ften when touring a distillery, the yeast are mentioned very briefly as simply an ingredient used in the fermentation process. In actuality, the yeast are highly sophisticated microorganisms responsible for creating complex flavors that carry over from fermentation into the distillate. Thus, in contrast to a mere ingredient added to fermentation, the yeast are a living entity requiring specific growth conditions and must F OR D I S TI LLE D SPI RI TS PRODUCTI ON be handled with care, and employed in very specific ways to maximize positive flavor contributions. Here we look W R I T T E N B Y P AT R I C K H E I S T, P H . D more closely at yeast and dissect some of the PHOTOGRAPHS PROVIDED BY FERM SOLUTIONS, INC. differences between various yeast strains used for distilling, how they contribute to the flavor of the distilled spirit, associated environmental factors, and expectations from a production standpoint. We will focus mainly on spirits produced from grain-based fermentations, but many of these same principles apply to other distilled spirits.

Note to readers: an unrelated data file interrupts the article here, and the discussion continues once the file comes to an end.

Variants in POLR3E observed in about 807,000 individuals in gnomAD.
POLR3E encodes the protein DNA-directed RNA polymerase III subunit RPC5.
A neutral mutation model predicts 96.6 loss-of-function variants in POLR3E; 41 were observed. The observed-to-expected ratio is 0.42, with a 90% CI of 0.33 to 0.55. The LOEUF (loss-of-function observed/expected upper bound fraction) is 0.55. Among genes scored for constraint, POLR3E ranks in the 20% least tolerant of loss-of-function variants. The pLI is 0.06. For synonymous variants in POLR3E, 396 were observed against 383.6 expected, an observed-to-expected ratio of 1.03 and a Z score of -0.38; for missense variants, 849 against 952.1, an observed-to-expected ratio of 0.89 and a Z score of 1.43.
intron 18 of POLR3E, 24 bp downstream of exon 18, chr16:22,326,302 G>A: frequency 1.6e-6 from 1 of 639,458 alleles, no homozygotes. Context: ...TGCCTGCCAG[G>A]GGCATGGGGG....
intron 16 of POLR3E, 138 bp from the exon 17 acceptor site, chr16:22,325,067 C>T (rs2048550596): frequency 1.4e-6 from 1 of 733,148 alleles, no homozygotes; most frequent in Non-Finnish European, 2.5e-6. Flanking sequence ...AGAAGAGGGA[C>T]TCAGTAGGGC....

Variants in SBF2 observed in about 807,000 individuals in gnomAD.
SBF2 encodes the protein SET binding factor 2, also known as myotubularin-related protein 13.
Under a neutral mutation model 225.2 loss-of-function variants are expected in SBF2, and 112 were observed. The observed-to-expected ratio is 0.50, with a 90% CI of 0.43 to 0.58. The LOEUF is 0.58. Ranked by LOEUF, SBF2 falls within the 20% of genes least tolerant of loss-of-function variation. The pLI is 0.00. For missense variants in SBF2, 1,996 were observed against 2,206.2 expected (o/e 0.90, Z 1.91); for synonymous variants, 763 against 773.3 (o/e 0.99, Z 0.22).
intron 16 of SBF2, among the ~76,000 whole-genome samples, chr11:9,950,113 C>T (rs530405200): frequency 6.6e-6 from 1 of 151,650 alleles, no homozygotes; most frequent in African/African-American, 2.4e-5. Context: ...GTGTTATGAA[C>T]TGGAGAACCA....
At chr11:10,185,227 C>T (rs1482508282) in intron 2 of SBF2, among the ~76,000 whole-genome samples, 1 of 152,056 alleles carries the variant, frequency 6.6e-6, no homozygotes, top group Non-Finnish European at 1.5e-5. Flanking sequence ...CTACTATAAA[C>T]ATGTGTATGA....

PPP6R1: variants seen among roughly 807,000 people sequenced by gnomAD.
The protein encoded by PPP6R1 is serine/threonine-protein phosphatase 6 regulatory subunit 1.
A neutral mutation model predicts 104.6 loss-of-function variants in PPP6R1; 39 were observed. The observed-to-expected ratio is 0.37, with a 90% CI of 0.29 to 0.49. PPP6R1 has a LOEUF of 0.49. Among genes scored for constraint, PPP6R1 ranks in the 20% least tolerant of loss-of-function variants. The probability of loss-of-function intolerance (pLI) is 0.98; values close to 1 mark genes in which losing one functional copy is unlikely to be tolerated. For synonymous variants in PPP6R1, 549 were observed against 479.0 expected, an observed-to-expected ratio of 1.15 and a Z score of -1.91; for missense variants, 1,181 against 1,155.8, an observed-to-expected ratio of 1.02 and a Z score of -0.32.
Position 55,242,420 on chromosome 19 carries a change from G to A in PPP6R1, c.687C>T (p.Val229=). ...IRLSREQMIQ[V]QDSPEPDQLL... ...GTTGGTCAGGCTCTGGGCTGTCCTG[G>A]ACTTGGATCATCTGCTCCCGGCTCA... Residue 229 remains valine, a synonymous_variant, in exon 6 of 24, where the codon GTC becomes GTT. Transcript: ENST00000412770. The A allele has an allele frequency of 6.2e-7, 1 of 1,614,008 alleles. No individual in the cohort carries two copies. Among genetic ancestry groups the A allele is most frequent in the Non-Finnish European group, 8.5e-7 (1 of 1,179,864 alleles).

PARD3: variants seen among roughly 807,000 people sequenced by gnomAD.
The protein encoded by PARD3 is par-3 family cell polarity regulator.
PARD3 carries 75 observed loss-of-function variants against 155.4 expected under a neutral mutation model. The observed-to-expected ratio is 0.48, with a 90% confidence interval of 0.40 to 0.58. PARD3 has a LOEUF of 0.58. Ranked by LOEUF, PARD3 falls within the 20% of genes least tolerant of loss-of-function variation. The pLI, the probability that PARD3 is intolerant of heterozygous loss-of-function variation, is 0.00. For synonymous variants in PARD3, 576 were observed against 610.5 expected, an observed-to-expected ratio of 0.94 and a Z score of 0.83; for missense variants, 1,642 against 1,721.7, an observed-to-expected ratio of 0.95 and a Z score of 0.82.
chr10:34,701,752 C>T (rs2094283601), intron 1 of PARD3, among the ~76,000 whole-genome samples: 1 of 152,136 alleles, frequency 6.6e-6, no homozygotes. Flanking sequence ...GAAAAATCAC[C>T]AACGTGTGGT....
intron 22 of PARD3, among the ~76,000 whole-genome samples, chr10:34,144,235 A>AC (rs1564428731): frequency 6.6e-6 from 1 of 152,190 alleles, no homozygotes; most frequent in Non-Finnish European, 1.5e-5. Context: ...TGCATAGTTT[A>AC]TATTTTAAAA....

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YEAST STRAINS USED IN DISTILLED SPIRITS PRODUCTION The scientific name for distillers yeast is Saccharomyces cerevisiae (Figure 1). This same species of yeast is used in baking as well as beer and wine making, but different strains are selected for each use. For example, in baking, yeast strains are chosen based on the flavor profiles that they create and for CO2 production responsible for making dough rise. In beer making, whether or not the yeast settle out of solution or remain suspended (a.k.a. “flocculation”) is an important criterion when choosing the right yeast. In distilled spirit production, yeast are also chosen for the aroma that they produce in fermentation, but there are also certain production requirements that must be met relating to sugar consumption and ethanol production.
(FIGURE 1) SACCHAROMYCES CEREVISIAE
Looking at yeast macro- and microscopically, one can see differences. What they look like growing on an agar plate (colony morphology) can be different
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